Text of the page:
Monday, September 13, 2010


You'd almost forget it, but seventy years ago the then fiercest air battle ever was fought over the British Channel between the RAF and the Luftwaffe. I wonder what happened on September 13, 1940?

Hurricane Force, by Robert Taylor


Enemy activity was on a light scale, but during the morning small raids were continuously active over Kent and the London area. Bad visibility hindered interception by our fighters, but one enemy aircraft was destroyed and three others were damaged.


As a result of an SOS a fighter sweep was carried out 20 miles North-east of Kinnairds Head, but no reports of interception have been received.

South East

From 0730 hours, a number of raids, mostly by single aircraft, crossed the Coast between Hastings and Beachy Head and penetrated to the Thames Estuary and London area. Up to 0930 hours some six such raids were reported, but thereafter a steady stream of raids developed, most of which originated from the Dieppe area. It was reported that enemy aircraft crossed the Coast at the rate of one about every 8 minutes. One raid penetrated to Chelmsford, but practically all the others proceeded to the South London area, returning to Dieppe.

Between 1300 and 1500 hours, these scattered raids continued and appeared to have as their objectives, Biggin Hill and targets in mid Kent. One raid was plotted towards Rochford, and one raid, reported to be a long-nosed Blenheim, attacked Dover Harbour.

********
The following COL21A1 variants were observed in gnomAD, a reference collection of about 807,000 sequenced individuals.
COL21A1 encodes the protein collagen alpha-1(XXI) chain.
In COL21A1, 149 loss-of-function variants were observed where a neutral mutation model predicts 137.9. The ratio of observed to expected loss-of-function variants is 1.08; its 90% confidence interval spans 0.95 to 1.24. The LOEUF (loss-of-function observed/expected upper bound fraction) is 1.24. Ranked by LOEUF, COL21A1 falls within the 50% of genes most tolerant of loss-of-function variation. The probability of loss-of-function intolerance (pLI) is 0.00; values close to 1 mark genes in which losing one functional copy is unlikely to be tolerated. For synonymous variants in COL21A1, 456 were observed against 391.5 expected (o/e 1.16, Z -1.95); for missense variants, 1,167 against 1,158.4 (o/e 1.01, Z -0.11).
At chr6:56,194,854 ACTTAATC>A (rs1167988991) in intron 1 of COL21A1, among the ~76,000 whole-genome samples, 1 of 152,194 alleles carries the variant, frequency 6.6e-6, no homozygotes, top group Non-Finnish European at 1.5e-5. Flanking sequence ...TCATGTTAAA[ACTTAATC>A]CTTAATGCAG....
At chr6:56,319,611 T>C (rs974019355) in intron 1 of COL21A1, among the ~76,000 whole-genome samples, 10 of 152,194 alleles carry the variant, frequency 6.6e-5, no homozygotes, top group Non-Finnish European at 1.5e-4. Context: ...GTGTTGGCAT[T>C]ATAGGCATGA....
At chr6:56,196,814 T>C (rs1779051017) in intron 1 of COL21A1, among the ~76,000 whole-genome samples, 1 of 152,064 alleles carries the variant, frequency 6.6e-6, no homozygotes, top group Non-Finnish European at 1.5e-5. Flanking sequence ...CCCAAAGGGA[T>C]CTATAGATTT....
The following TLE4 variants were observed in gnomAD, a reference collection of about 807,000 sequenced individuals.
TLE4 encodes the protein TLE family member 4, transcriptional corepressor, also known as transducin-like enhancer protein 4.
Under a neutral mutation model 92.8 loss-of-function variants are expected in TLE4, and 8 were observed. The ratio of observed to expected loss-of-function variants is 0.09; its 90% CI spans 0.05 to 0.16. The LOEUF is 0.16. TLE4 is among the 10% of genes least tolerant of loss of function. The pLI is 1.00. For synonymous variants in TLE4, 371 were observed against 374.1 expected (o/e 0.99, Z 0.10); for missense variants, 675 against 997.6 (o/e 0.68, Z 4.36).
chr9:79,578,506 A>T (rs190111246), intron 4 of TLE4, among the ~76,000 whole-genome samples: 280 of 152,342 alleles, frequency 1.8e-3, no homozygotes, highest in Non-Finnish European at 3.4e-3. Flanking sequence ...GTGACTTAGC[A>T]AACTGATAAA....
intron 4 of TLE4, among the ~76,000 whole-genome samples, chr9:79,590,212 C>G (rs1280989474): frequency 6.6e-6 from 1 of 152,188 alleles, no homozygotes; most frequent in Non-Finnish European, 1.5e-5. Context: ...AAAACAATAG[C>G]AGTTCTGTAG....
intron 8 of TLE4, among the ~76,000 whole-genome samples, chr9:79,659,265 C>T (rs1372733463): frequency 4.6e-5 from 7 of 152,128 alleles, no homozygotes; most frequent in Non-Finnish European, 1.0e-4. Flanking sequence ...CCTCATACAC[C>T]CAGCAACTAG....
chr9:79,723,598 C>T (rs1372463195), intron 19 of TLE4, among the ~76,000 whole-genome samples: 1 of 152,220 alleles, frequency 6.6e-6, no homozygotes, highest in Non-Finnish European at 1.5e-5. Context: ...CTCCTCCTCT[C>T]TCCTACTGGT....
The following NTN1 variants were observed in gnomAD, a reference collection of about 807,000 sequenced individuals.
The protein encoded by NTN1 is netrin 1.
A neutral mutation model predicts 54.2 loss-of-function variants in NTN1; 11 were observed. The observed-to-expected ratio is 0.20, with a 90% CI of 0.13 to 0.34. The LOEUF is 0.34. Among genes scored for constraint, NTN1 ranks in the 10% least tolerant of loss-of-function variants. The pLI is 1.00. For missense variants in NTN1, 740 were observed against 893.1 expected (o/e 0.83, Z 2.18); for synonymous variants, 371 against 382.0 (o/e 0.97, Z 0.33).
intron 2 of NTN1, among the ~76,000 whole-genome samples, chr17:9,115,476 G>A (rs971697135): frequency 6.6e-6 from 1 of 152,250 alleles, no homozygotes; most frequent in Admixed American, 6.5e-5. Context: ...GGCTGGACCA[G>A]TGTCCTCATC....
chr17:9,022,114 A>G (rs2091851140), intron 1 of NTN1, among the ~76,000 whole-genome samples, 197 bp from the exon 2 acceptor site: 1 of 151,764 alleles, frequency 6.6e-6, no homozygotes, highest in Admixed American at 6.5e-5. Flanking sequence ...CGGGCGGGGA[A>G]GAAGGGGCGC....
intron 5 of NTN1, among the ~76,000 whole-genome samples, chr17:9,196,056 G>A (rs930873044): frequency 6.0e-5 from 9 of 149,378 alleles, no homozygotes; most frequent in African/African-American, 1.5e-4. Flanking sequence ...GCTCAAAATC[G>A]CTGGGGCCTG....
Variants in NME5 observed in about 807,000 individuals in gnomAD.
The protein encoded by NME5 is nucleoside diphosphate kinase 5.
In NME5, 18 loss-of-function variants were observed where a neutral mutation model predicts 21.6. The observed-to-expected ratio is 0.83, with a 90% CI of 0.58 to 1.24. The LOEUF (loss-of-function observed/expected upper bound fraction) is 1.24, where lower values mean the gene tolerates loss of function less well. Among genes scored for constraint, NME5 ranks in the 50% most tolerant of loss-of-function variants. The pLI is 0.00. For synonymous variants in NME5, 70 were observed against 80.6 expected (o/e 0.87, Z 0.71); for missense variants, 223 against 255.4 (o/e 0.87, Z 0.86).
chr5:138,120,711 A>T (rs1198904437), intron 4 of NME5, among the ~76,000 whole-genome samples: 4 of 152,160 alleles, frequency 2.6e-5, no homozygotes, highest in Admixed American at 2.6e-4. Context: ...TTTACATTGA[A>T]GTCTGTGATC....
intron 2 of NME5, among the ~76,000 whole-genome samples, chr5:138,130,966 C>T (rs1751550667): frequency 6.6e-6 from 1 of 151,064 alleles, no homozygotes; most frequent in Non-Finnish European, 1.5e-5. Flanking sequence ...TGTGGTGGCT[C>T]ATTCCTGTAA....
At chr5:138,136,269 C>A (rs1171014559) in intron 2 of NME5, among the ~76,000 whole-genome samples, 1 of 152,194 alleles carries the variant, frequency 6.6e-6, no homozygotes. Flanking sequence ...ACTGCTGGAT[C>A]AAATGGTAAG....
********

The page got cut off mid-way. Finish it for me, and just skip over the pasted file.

From 1500 hours until night operations began, enemy activity consisted chiefly of reconnaissance flights between North Foreland and Beachy Head.

South and South West

In the early morning, one raid flew parallel to the Coast from 15 miles South of Selsey Bill, westwards into Lyme Bay.

Between 1300 and 1500 hours, three raids were active from Selsey Bill to Tangmere, and there were three reconnaissances in the Straits between Dungeness and Foreness.

At 1800 hours, one reconnaissance was made from Boulogne along the Coast to the Isle of Wight.


A vessel was attacked off Copeland Light (Near Belfast) at 0650 hours, by an aircraft reported to be a four-engined bomber.

Check out this fragment from the movie Battle of Britain, 1970. The making of this famous film lies now further behind us than did the actual battle at the time this movie was shot.

Te "Heinkels" you see here are actually Spanish CASA 2.111's, a Spanish version built under license by Construcciones Aeronauticas S.A.. After the Second World War, getting to Junkers engines naturally became a huge problem, and a solution was found - oh the irony! - by installing British Rolls Royce Merlin 500's. The Spanish Air Force used these obsolete planes till the early seventies.


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